Wizards of the Coast has filed a lawsuit against Nintendo of America and its affiliate, Pokemon USA, alleging breach of contract and patent infringement. In addition the suit charges that former WotC employees Richard Arons and Rene Flores, who were hired by Nintendo, revealed WotC trade secrets to their new employer. The lawsuit reveals the behind-the-scenes conflicts between the two organizations behind the biggest CCG boom in history. At its height in 1999 Pokemon cards were an obsession among America's youngsters -- so popular that they were banned in many schools. But nothing in the faddish world of children's entertainment can remain that white-hot forever, and Pokemon sales, though up recently, are at a fraction of their boom year levels.
Last March, after a five-year run which resulted in sales of some 10 billion cards worldwide, Nintendo rejected WotC's proposal to create the CCG for the latest iteration of the Pokemon property, Ruby/Sapphire (see 'No More WotC Pokebucks'). In his statement announcing that WotC would not produce the Ruby/Sapphire editions of the Pokemon Game, WotC CEO Chuck Huebner indicated that WotC would still issue two final expansions for the Gold/Silver edition of the game. However, according to WotC's complaint against Nintendo, Wizards has not been allowed to issue those expansions. WotC's lawsuit alleges that Nintendo did offer to let WotC release the two expansions, but only if Wizards would provide Nintendo with free marketing support and confidential information about tournament play.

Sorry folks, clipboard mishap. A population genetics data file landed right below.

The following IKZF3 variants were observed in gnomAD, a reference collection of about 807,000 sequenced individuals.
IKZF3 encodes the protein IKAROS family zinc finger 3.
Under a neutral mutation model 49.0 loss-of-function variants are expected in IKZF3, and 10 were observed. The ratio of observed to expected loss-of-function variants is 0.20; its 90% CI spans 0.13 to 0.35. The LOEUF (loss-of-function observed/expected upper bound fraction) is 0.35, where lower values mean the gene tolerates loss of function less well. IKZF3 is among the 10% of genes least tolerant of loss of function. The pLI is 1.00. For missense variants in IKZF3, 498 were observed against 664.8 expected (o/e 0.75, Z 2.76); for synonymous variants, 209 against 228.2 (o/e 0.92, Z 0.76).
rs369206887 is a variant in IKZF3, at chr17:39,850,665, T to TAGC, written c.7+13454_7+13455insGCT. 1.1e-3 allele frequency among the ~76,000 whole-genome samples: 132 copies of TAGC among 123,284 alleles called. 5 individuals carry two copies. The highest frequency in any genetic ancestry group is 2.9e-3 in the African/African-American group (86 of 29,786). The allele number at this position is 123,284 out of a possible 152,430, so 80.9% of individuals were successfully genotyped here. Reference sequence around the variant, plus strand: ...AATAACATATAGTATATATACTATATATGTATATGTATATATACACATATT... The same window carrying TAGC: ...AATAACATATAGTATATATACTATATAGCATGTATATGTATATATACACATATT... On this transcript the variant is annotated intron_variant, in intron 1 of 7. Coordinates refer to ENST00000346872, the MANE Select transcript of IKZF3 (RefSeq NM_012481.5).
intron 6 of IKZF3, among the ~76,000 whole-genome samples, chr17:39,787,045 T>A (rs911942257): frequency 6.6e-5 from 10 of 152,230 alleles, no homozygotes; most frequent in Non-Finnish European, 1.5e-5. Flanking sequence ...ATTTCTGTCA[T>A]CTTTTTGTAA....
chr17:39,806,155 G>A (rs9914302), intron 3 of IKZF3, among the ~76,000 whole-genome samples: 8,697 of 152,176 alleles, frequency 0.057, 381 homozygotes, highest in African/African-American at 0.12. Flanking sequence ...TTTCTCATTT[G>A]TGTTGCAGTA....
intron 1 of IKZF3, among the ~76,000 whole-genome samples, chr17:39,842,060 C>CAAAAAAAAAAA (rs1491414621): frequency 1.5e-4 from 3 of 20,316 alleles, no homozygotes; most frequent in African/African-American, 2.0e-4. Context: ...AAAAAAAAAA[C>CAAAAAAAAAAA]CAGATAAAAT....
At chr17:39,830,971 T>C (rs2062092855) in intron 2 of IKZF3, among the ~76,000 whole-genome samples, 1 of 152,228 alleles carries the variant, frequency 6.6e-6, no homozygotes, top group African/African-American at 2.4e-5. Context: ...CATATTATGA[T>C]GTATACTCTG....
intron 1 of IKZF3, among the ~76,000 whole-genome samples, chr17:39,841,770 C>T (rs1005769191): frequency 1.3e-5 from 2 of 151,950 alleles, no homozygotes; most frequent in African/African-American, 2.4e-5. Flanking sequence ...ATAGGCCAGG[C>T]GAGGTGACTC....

WotC also accuses Nintendo of hiring seven key former WotC employees including the former art director, senior graphic designer, business manager, marketing director, and project management director from the WotC Pokemon team. WotC's suit also alleges that Nintendo's Ruby/Sapphire game infringes on WotC's patent on 'trading card games.' WotC invented the CCG genre in the early 1990s with its original Magic the Gathering game, and WotC has received a patent for 'trading card games.' WotC has not yet made a concerted effort to enforce its patent rights -- such a campaign could have a major effect dampening on the CCG market -- but the company did invoke its patent rights in this case, which means that the entire industry will be following this case very closely.